It has been mined, like Roswell, so that nothing of value still exists.

    But Woomera....now there's a place with a UFO history and maybe a connection to the Solway Firth spaceman.

    Randles was smart enough to recognize that.


    By Blogger RRRGroup, at Sunday, November 21, 2010  

  • "It has been mined, like Roswell, so that nothing of value still exists."


    "Also, the Woomera event is integral, in my mind, to the Templeton photograph."

    And, I point out, you do not have a photograph.

    Analogizing to archeology: What serious 21st century researchers have to deal with is the detritus piled up by the previous century's treasure hunters. The treasure hunters searched for gold and jewels, digging deep and tossing anything not recognizably valuable into a pile -- their own midden.

    Later on, disciplined researchers find their trash heaps, bits of pottery, scraps of fabric, crumbled bits of tablets, to be valuable -- or they would be if they were still in situ (their provenance).

    Roswell is a good example of that. In this forum I've noted some things that investigators apparently haven't even noticed in 30 years.

    Indiana Jones should not be a role model for ufologists.



    By Blogger Sourcerer, at Sunday, November 21, 2010  

  • Don:

    No one thinks, do they, that the bevy of ufologists over the years have done anything other than muck up UFO sightings and events with their muddled approach to "research."

    They, like the early archeologists you cite, have made a mess of things.

    A new breed of UFO researchers may re-examine the UFO detritus that lies strewn about the landscape but it takes a really discerning eye and mind to make sense of what is still extant.

    Jenny Randles, David Clarke, Nick Redfern (all Brits) are good at analyzing UFO things past.

    But it still requires a connection of the dots to make sense of what has transpired in days gone by.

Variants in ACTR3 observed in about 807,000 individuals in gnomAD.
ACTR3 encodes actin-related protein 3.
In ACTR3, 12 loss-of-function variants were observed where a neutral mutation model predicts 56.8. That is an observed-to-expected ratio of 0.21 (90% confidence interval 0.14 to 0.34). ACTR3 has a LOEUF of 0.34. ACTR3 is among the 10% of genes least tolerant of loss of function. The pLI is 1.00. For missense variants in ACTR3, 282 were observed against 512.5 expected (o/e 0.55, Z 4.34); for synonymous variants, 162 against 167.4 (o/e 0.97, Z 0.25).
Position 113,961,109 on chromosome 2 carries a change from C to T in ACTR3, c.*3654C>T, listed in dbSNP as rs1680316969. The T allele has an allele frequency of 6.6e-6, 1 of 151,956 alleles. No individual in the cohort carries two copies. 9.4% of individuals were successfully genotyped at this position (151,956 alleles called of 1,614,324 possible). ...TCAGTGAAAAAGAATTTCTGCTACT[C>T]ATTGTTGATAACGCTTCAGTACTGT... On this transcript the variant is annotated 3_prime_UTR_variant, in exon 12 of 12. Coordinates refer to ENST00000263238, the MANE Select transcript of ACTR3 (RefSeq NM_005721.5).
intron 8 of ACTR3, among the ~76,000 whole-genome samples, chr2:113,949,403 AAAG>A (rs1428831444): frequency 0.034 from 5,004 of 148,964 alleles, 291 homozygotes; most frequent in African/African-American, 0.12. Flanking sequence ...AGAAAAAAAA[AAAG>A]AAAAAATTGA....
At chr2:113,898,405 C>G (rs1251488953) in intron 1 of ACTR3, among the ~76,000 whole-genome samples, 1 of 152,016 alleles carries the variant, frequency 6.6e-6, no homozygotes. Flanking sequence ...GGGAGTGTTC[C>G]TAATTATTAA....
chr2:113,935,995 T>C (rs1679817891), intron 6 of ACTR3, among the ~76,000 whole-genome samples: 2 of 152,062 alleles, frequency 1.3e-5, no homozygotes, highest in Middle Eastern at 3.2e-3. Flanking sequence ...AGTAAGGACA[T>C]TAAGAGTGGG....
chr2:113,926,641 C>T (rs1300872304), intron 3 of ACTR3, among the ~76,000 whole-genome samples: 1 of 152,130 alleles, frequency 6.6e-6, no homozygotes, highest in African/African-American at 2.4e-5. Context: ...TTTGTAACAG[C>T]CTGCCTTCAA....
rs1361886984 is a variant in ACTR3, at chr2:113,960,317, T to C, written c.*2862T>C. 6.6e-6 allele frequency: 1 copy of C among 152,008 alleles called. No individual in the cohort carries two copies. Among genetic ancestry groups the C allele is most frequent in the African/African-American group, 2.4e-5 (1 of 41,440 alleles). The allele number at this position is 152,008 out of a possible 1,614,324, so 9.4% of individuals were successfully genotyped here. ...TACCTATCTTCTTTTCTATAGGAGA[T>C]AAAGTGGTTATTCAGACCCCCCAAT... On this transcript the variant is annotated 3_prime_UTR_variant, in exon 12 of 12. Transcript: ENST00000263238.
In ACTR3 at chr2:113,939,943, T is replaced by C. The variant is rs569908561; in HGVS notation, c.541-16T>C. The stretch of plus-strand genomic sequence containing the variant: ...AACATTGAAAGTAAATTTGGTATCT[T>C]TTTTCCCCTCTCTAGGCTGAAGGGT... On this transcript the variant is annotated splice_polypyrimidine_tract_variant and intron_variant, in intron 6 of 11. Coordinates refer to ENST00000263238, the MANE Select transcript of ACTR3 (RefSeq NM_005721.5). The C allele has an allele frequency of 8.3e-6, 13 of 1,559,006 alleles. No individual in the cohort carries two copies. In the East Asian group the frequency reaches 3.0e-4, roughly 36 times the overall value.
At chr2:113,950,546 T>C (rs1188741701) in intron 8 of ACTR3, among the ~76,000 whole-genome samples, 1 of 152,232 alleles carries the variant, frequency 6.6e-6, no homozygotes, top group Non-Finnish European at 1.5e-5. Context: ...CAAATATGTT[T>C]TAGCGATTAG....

The Templeton "spaceman" photo and its link to Woomera is still ripe for interpretation, in my estimation.

    If someone would zero in on the incidents, they might discover something important -- maybe not about the UFO phenomenon itself but something pertinent to what is going on and has been going on with humanity and the Earth since the beginning of life here.

    Vallee is on to something perhaps as was Mac Tonnies with his "cryptoterrestrial" hypothesis.

    While you look at things with discernment, most in the UFO community do not.

    Jenny Randles went as far as she thought she could with the Templeton affair and Woomera, dissuaded by David Clarke I'm afraid, but she did much, before losing interest, that is grist for someone new to take a look back and see what was missed and what might still be available to resolve the mystery.


    By Blogger RRRGroup, at Sunday, November 21, 2010  

  • But where is the alleged Woomera photograph? Who was the person who told Jenny Randles about it? Who told Jim Templeton about it? Finally, was the sighting at Woomera of a UFO or a 'space being'?

    The case bristles with problems. We do not even know the date of the Woomera affair.

    The 'connection' consists solely of the fact that, allegedly, a sighting of a 'spaceman' occurred at about the same time as Templeton's photo, and that fact that the same rockets were test fired at approximately the same locations.

    We need to go much further than this, but I seriously doubt anyone is interested now.

    By Blogger cda, at Sunday, November 21, 2010  

  • Yes, CDA, where is the Woomera photograph or incident report that Ms. Randles started to look for?

    It's a UFO side-bar I admit, but an interesting one (for a few) and should be pursued, still, by those with interest in UFO minutiae or arcanity.

    After all, Roswell is not the only UFO episode that evokes awe or wonder.


    By Blogger RRRGroup, at Sunday, November 21, 2010